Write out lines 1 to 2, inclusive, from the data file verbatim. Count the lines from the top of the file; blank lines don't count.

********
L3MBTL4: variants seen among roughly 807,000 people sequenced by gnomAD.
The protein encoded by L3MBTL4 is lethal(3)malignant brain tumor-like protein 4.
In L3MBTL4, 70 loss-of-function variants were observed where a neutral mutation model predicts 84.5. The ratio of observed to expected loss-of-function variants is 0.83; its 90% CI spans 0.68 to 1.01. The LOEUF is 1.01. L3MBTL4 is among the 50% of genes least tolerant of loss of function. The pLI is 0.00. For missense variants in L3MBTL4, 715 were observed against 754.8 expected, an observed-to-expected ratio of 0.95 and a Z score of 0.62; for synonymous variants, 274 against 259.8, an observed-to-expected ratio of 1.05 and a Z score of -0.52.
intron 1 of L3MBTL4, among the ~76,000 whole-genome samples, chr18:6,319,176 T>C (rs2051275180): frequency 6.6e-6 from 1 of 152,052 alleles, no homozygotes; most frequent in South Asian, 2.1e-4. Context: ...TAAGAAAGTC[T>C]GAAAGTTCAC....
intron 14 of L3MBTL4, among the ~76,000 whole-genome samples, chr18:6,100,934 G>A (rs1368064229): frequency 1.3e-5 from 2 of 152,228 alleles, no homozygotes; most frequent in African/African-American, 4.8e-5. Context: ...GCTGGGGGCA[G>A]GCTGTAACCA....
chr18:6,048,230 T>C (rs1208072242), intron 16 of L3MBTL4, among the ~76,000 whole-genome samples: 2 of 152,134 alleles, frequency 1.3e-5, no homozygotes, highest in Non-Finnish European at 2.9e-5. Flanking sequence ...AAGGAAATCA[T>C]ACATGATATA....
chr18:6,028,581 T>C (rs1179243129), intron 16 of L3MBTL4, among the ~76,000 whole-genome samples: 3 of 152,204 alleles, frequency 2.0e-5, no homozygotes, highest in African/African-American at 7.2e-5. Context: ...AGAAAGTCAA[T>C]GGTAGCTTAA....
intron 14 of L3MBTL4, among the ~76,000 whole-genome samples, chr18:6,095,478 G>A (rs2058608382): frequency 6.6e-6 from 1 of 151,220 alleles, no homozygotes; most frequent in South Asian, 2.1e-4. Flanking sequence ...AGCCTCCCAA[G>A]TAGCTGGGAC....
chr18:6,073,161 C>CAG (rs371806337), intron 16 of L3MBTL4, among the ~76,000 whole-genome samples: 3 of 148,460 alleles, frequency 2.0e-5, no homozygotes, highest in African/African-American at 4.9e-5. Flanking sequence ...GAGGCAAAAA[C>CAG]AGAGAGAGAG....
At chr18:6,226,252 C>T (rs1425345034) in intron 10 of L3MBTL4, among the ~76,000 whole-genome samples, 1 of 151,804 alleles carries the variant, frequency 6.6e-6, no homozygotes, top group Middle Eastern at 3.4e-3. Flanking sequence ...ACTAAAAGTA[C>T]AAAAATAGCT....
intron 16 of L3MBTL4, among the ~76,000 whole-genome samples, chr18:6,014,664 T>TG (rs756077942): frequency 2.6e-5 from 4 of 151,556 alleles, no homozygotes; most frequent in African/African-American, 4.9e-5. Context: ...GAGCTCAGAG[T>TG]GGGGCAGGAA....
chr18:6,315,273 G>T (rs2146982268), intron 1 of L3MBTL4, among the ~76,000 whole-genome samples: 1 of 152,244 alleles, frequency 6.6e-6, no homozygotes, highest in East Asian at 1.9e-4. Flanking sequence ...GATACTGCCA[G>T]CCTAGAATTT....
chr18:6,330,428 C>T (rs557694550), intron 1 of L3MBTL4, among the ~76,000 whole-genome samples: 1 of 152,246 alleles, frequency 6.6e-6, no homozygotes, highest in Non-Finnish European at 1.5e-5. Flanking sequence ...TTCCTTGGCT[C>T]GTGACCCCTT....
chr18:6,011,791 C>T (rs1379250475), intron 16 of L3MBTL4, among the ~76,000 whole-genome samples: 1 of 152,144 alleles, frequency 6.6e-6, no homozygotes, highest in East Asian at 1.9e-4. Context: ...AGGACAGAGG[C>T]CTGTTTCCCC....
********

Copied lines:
L3MBTL4: variants seen among roughly 807,000 people sequenced by gnomAD.
The protein encoded by L3MBTL4 is lethal(3)malignant brain tumor-like protein 4.